Technical blog and writings by Micah Webner.

Setting up stylelint for Drupal on CentOS

screenshot demonstrating the output of stylelint

stylelint is a great tool for reviewing CSS files to find errors and enforce conventions in your styles. This post provides a quick guide to and using stylelint on CentOS Linux.

In order to make sure you have the latest versions of everything, I recommend installing both Node.js and stylelint as an unprivileged user into your home directory.


Install Node.js by downloading the latest Linux binaries from and unpacking into your ${HOME}/src directory.

Update PATH in your .bash_profile and log out and back in to register the changes.

PATH="${HOME}/bin:${HOME}/src/node-v12.18.3-linux-x64/bin:${PATH}" export PATH

Install stylelint and its dependencies globally using npm install:

npm install -g --save-dev stylelint stylelint-config-standard stylelint-order

Create a .stylelintrc file and place it in your home directory, or in your Drupal project. (Wherever you run stylelint, it will walk up the tree until it finds this file, or you can specify a path with the --config option.)

HFC's .stylelintrc file was created specifically to follow Drupal CSS formatting guidelines.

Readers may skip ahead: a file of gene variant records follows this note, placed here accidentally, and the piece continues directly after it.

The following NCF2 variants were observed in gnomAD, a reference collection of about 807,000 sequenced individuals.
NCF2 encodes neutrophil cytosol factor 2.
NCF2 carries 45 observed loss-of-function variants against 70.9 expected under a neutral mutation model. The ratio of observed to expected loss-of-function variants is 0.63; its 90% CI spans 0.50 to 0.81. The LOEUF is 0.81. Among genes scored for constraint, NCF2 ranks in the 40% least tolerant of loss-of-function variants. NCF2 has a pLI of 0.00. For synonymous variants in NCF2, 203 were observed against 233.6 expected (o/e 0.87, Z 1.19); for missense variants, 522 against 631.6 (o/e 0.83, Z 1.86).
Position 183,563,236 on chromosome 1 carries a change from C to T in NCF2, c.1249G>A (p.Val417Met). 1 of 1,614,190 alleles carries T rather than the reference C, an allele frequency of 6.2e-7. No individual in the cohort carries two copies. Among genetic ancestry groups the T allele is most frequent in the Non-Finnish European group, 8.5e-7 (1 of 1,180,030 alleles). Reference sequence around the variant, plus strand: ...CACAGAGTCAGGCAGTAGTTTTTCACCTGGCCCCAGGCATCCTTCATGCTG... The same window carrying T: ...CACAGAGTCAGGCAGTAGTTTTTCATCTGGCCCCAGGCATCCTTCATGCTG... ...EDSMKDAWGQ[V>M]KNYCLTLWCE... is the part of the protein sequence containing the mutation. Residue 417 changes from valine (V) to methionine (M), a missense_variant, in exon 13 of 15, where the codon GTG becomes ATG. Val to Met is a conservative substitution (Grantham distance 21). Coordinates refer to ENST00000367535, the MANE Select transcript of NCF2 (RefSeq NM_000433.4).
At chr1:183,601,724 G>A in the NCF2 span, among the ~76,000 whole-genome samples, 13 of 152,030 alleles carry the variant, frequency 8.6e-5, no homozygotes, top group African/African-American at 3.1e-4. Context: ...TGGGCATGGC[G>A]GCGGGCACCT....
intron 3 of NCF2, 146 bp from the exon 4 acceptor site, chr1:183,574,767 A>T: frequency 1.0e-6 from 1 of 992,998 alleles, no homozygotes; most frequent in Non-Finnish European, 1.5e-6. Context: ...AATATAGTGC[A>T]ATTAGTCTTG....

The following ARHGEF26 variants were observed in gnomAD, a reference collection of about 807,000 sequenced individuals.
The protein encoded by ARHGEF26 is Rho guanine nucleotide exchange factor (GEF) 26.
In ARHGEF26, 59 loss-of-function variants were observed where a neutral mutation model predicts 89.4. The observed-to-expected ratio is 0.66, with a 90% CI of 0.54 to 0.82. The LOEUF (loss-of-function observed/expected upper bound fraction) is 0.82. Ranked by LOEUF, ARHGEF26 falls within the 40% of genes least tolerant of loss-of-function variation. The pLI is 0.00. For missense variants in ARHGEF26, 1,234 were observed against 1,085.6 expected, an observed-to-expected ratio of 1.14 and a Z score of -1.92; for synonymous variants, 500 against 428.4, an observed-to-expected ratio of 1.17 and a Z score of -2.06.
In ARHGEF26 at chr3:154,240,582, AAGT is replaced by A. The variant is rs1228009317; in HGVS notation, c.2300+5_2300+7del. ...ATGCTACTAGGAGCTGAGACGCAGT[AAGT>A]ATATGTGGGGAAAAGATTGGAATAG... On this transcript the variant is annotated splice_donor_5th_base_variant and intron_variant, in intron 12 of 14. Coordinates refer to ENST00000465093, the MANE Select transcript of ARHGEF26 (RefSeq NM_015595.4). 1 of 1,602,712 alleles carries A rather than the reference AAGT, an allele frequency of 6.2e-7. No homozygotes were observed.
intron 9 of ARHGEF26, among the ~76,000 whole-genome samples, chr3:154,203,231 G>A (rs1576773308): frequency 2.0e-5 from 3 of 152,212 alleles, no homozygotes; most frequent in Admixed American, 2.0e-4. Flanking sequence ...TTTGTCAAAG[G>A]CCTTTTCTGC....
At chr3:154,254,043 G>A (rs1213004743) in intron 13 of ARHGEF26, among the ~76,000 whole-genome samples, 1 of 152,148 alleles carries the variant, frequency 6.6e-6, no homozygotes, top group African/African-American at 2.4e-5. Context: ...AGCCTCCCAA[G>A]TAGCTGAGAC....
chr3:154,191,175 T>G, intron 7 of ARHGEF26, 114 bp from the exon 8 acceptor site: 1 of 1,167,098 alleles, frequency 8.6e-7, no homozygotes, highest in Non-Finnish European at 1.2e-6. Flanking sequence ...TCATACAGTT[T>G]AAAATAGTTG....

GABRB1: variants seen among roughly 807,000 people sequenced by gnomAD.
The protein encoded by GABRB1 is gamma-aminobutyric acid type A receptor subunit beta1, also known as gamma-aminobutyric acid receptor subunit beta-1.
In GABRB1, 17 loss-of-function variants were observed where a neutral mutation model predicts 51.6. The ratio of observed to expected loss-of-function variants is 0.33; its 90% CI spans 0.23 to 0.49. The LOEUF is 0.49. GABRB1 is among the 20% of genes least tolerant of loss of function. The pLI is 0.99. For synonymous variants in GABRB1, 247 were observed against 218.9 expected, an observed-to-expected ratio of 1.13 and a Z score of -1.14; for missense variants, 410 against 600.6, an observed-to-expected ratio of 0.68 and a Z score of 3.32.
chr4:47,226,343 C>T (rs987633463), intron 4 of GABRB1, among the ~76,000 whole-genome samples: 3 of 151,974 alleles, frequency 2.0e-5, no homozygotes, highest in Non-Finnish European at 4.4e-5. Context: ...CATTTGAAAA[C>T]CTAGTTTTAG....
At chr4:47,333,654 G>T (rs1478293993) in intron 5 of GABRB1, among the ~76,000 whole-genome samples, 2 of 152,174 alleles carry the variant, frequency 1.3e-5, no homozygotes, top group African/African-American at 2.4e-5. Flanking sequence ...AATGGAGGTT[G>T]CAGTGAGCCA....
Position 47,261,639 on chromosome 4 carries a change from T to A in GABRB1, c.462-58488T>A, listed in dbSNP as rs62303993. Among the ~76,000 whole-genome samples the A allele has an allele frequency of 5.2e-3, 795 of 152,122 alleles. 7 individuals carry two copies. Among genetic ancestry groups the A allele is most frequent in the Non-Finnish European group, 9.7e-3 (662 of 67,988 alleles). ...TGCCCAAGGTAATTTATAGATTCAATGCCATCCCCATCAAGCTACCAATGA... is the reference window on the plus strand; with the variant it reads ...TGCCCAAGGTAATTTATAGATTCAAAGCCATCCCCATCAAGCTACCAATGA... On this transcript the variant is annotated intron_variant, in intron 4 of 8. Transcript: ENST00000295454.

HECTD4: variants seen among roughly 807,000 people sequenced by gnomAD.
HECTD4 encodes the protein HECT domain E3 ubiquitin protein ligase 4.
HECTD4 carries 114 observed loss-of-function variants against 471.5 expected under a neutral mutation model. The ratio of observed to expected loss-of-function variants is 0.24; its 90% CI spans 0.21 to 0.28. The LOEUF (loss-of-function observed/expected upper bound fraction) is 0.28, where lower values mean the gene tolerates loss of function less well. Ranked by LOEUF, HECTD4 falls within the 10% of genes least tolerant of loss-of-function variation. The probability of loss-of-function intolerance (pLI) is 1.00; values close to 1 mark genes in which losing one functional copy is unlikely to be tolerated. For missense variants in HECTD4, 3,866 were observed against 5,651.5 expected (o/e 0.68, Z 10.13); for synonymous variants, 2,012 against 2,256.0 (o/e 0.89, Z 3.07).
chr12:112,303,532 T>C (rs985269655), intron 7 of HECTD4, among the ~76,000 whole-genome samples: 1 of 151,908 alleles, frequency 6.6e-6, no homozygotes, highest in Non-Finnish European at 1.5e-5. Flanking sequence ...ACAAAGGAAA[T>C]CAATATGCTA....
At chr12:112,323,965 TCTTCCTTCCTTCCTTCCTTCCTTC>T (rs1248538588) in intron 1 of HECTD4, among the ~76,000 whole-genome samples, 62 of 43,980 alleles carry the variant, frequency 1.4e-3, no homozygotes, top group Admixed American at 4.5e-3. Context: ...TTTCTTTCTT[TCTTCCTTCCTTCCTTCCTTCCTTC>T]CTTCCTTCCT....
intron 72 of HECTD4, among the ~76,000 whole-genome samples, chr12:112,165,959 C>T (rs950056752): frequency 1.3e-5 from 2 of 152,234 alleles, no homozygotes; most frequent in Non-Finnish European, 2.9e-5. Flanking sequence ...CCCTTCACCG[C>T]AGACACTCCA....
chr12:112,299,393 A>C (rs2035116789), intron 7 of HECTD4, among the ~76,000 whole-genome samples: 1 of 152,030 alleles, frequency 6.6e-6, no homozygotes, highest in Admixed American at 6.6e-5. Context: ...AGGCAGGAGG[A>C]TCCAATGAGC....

Usage example

Using stylelint is pretty easy. Simply run the command and specify the files to check. (There are lots of complication options, but the basics will get you started.)

The following screenshot shows a scan I ran on one of our older Drupal 7 themes.

Screenshot of a stylelint scan showing fixes needed.

Running stylelint with the --fix options was able to fix most of the errors encountered.

Screenshot of a stylelint running an automatic fix.

After running this fix, stylelint shows the remaining errors. I fixed most of these manually, but some of the warnings in normalize.css were for old browser hacks, and I didn't have time to mess with those right now. If you'd like to see an example of the changes this produced, you can view the details of the commit here.